Over the last hundred years or so, the IRS has heard infinite explanations from U.S. citizens who neglected to file their taxes: they needed to pay the mortgage first, they were unemployed, they simply “forgot,” and so on. Some of these excuses may actually impress an empathetic revenue officer (though, of course, you still will have to pay all the back taxes you owe). However, the one excuse which is sure to escalate your case into the IRS red zone is to claim that the federal tax system is unconstitutional, and you're refusing to pay your taxes as a matter of principle.

Why does a reference to the Constitution aggravate the IRS? Well, just imagine what would happen if a single person succeeded in making this kind of argument. Word would get out sooner or later, and anti-tax groups would seize on this loophole to declare an informal tax “holiday.” Soon, practically no one in the U.S. would agree to pay taxes, and the result would be government collapse and anarchy.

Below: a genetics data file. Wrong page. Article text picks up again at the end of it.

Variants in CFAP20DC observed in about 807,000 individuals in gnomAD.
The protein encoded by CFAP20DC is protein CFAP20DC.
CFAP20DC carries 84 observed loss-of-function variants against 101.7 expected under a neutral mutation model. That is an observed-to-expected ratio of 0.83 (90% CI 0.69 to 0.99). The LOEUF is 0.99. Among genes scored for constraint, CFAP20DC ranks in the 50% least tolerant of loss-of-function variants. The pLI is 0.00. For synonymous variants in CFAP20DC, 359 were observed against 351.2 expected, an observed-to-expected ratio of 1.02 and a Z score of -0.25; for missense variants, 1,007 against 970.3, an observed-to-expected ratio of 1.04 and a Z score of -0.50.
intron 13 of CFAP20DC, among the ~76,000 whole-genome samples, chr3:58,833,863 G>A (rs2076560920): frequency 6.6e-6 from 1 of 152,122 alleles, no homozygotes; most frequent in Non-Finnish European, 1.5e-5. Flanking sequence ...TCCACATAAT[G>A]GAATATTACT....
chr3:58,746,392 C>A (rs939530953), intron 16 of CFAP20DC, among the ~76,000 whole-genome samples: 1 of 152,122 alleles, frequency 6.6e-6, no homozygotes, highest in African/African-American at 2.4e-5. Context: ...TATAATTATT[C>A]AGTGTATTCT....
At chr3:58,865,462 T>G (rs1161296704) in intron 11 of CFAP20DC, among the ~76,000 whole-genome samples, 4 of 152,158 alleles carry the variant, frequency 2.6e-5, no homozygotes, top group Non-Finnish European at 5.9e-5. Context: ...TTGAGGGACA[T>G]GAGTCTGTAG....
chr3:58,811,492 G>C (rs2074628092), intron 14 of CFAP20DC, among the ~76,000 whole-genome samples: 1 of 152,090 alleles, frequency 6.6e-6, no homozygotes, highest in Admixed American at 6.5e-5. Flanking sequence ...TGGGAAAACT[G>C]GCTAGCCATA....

Okay, this may be overstating the case a bit. But, the fact is, the U.S. government and the IRS simply don't accept constitutional arguments against the income tax, regardless of how (seemingly) well-reasoned they may be. The authorities will rightly see this maneuver as a transparent, self-serving way to avoid paying your taxes, and they will make an example of you, lest other people follow in your footsteps.

Rather than invoking the constitution, it's best to own up to your Oklahoma tax mistakes and hire a seasoned attorney to plead your case before the IRS. Call the Oklahoma tax experts at Travis. W. Watkins, PC (800-721-2054) if you have any tax questions, constitutional or otherwise!

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